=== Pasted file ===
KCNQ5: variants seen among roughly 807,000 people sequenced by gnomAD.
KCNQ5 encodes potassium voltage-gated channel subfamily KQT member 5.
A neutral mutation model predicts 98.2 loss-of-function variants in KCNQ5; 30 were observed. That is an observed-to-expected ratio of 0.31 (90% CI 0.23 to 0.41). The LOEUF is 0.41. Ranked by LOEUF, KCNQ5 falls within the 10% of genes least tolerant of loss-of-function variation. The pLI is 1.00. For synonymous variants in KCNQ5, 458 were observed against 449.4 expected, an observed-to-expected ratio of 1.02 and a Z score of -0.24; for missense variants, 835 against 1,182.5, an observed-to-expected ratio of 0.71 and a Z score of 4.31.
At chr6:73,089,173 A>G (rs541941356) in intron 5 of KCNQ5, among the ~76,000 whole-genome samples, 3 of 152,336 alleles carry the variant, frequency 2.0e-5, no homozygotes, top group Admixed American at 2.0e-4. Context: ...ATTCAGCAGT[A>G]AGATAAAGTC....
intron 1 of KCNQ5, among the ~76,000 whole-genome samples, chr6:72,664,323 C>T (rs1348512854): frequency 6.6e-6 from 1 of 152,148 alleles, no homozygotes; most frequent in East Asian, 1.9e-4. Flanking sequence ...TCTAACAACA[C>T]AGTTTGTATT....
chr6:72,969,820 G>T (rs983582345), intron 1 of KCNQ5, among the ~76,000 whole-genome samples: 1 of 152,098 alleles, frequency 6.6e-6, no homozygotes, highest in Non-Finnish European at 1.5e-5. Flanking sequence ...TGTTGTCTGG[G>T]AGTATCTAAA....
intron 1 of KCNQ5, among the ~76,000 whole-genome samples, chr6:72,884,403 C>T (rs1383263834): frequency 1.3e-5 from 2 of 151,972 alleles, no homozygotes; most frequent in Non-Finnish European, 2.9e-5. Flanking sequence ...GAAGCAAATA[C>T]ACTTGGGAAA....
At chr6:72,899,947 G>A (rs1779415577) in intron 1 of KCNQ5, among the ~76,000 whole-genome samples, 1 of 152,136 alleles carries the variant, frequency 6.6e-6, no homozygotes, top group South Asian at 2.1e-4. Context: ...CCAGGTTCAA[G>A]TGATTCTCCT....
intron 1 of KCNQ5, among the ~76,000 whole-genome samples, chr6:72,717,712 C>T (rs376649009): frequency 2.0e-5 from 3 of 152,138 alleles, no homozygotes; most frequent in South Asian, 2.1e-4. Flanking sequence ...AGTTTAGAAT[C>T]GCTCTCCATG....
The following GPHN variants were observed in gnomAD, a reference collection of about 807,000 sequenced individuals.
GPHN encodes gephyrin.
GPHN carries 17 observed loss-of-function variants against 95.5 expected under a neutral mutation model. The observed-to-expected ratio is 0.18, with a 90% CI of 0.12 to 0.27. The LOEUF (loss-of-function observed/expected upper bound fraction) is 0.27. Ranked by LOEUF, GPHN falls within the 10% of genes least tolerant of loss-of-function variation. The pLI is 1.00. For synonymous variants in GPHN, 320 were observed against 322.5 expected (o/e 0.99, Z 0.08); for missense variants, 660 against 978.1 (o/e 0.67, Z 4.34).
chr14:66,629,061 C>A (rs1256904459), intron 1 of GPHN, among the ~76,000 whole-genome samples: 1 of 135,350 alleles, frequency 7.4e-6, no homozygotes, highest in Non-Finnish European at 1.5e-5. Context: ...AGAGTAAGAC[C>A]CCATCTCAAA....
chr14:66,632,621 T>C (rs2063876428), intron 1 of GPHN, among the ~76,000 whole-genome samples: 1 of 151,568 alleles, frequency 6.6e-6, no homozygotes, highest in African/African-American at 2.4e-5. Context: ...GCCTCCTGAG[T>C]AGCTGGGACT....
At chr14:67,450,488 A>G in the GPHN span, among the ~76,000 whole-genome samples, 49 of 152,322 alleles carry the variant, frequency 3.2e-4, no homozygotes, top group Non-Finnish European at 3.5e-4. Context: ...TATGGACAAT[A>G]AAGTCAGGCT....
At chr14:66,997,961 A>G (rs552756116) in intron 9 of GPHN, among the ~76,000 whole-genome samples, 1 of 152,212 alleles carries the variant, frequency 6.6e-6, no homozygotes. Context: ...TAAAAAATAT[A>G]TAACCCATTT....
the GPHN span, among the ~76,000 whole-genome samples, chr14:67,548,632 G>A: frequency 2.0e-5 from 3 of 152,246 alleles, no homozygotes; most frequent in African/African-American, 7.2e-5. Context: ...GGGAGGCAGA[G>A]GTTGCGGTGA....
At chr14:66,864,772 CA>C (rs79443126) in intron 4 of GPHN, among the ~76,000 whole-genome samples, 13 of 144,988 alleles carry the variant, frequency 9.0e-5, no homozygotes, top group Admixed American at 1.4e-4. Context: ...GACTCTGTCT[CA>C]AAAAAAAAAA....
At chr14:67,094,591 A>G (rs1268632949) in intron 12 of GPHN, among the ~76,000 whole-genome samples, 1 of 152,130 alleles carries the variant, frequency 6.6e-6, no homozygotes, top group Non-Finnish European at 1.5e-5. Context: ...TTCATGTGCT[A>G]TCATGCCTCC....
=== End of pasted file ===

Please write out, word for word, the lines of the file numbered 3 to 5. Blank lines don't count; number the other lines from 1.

A neutral mutation model predicts 98.2 loss-of-function variants in KCNQ5; 30 were observed. That is an observed-to-expected ratio of 0.31 (90% CI 0.23 to 0.41). The LOEUF is 0.41. Ranked by LOEUF, KCNQ5 falls within the 10% of genes least tolerant of loss-of-function variation. The pLI is 1.00. For synonymous variants in KCNQ5, 458 were observed against 449.4 expected, an observed-to-expected ratio of 1.02 and a Z score of -0.24; for missense variants, 835 against 1,182.5, an observed-to-expected ratio of 0.71 and a Z score of 4.31.
At chr6:73,089,173 A>G (rs541941356) in intron 5 of KCNQ5, among the ~76,000 whole-genome samples, 3 of 152,336 alleles carry the variant, frequency 2.0e-5, no homozygotes, top group Admixed American at 2.0e-4. Context: ...ATTCAGCAGT[A>G]AGATAAAGTC....
intron 1 of KCNQ5, among the ~76,000 whole-genome samples, chr6:72,664,323 C>T (rs1348512854): frequency 6.6e-6 from 1 of 152,148 alleles, no homozygotes; most frequent in East Asian, 1.9e-4. Flanking sequence ...TCTAACAACA[C>T]AGTTTGTATT....